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Products > Iresine herbstii 'Brilliantissima'
Iresine herbstii 'Brilliantissima' - Bloodleaf
Image of Iresine herbstii 'Brilliantissima'
[2nd Image]
Habit and Cultural Information
Category: Shrub
Family: Amaranthaceae (Amaranths)
Origin: Brazil (South America)
Flower Color: NA
Bloomtime: Not Significant
Height: 2-3 feet
Width: 2-3 feet
Exposure: Sun or Shade
Irrigation (H2O Info): Medium Water Needs
Winter Hardiness: 30-32 F
IIresine herbstii 'Brilliantissima' (Bloodleaf) - A fast growing small shrub typically growing to 3 to 4 feet tall by as wide but able to grow a bit larger with semi-succulent cerise-colored stems and red oblanceolate leaves that are marked with lighter veins. Very tropical looking! Plant in full sun to light shade and give regular irrigation. Hardy to around 30 F This plant is used as an annual or container plant but will over winter in mild climates where it looks best if cut back in late winter and can be kept smaller and more compact by regular pinching of new growth. We received a plant with the variety name 'Acuminata' and it does indeed have acuminate leaves that are different from the more rounded leaves of the species. We have also purchased this plant as 'Brilliantissima' and there are also cultivar names such as 'Formosa' and 'Wallisii' that may be used for this plant. This plant comes tropical South America and was thought to originally have been collected in Brazil. The name for the genus comes from the Greek word eiresione meaning "a wreath" or "staff of wood wrapped in wool" ('erios' means "wool") in reference to the wooly hairs on the calyces. The specific epithet was authored in 1864 by William Jackson Hooker, the first director of the Royal Botanic Gardens at Kew, to honor Hermann Carl Gottlieb Herbst. Herbst was director of the Rio de Janeiro Botanic Gardens in Brazil but had worked at Kew when he introduced this plant to English gardens. Other common names include Beefsteak Plant and Chicken Gizzard Plant.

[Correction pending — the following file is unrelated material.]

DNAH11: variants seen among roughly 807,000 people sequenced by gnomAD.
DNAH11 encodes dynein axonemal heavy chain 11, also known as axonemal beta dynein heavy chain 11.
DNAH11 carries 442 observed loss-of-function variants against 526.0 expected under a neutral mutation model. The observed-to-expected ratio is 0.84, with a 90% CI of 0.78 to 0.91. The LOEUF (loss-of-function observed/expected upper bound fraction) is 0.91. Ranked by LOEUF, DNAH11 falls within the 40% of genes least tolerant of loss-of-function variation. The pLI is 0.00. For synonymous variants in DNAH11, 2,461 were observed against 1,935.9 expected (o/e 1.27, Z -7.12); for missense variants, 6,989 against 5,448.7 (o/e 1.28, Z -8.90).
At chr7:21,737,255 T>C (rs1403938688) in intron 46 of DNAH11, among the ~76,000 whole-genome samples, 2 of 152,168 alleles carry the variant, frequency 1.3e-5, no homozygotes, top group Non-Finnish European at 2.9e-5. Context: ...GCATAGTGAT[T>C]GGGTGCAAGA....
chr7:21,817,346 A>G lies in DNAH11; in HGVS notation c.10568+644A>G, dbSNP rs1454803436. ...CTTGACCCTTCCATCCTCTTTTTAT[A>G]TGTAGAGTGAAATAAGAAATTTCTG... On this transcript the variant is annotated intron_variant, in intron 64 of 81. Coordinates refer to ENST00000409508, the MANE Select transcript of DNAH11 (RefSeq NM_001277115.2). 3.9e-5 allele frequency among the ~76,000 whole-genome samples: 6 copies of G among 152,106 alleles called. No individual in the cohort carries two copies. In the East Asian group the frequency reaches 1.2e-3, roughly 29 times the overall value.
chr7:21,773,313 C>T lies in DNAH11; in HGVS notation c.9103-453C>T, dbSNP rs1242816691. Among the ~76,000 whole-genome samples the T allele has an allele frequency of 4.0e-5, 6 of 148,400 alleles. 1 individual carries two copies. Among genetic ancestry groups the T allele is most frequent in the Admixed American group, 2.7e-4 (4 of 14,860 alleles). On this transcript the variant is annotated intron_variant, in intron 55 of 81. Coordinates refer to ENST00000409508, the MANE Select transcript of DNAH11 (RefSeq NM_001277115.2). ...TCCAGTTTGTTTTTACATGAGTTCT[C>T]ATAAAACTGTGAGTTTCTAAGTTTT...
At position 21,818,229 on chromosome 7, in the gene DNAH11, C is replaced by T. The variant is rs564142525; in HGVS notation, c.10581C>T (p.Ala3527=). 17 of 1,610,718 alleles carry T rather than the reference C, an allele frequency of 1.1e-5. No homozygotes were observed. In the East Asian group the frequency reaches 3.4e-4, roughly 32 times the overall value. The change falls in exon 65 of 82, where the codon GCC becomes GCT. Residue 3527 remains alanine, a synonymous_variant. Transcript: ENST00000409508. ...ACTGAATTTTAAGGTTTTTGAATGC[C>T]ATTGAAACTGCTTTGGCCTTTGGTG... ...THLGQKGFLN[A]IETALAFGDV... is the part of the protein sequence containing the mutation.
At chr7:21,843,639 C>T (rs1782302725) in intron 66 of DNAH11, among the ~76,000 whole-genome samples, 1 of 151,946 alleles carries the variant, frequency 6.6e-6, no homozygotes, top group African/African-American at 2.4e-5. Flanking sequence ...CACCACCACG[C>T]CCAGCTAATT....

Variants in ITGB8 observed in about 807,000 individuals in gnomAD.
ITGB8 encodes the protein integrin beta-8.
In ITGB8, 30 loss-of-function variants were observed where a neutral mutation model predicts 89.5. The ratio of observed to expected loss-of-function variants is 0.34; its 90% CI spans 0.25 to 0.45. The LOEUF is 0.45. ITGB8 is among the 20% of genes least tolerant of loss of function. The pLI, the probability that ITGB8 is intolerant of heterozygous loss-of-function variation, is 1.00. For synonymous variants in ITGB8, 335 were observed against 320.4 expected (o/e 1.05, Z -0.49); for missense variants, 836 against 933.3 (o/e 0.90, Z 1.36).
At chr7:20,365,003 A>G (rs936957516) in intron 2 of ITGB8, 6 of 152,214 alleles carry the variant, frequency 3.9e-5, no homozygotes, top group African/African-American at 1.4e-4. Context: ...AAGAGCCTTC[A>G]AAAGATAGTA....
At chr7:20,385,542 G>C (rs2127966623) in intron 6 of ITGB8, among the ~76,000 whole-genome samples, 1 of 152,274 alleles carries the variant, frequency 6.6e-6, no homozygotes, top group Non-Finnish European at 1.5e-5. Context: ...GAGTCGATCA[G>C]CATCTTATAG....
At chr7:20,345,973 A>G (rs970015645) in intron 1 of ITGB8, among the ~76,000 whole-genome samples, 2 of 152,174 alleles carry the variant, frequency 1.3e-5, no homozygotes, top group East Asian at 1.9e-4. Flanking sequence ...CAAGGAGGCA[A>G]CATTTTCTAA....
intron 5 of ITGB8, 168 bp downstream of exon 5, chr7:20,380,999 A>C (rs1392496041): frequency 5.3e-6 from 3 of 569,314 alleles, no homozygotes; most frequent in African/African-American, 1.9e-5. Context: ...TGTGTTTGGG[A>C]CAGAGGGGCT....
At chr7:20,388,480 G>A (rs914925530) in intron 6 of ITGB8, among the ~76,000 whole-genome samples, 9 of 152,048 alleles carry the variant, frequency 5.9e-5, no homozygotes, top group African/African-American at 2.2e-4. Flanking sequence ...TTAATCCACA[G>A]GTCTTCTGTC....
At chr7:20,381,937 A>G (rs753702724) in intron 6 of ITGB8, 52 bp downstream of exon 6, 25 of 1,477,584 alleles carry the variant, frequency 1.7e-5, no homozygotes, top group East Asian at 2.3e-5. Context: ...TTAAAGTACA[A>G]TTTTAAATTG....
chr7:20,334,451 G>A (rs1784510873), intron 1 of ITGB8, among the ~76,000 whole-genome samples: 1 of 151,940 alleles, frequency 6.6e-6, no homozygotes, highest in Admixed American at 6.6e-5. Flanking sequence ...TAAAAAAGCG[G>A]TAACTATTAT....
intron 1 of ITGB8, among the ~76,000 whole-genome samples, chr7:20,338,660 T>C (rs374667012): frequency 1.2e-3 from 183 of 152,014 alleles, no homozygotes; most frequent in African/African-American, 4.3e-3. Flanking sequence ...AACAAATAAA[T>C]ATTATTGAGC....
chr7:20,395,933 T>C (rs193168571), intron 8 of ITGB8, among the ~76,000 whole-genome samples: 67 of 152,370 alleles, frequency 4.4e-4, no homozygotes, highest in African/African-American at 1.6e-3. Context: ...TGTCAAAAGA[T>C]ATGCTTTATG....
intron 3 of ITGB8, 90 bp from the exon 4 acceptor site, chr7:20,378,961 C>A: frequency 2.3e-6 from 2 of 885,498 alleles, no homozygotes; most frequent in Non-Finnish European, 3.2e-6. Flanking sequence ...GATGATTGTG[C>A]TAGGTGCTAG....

This information about Iresine herbstii 'Brilliantissima' displayed is based on research conducted in our horticultural library and from reliable online resources. We also will relate observations made about it as it grows in our nursery gardens and other gardens we have visited, as well how the crops have performed in containers in our nursery field. We will also incorporate comments that we receive from others and we welcome hearing from anyone with additional information, particularly if they can share any cultural information that would aid others in growing it.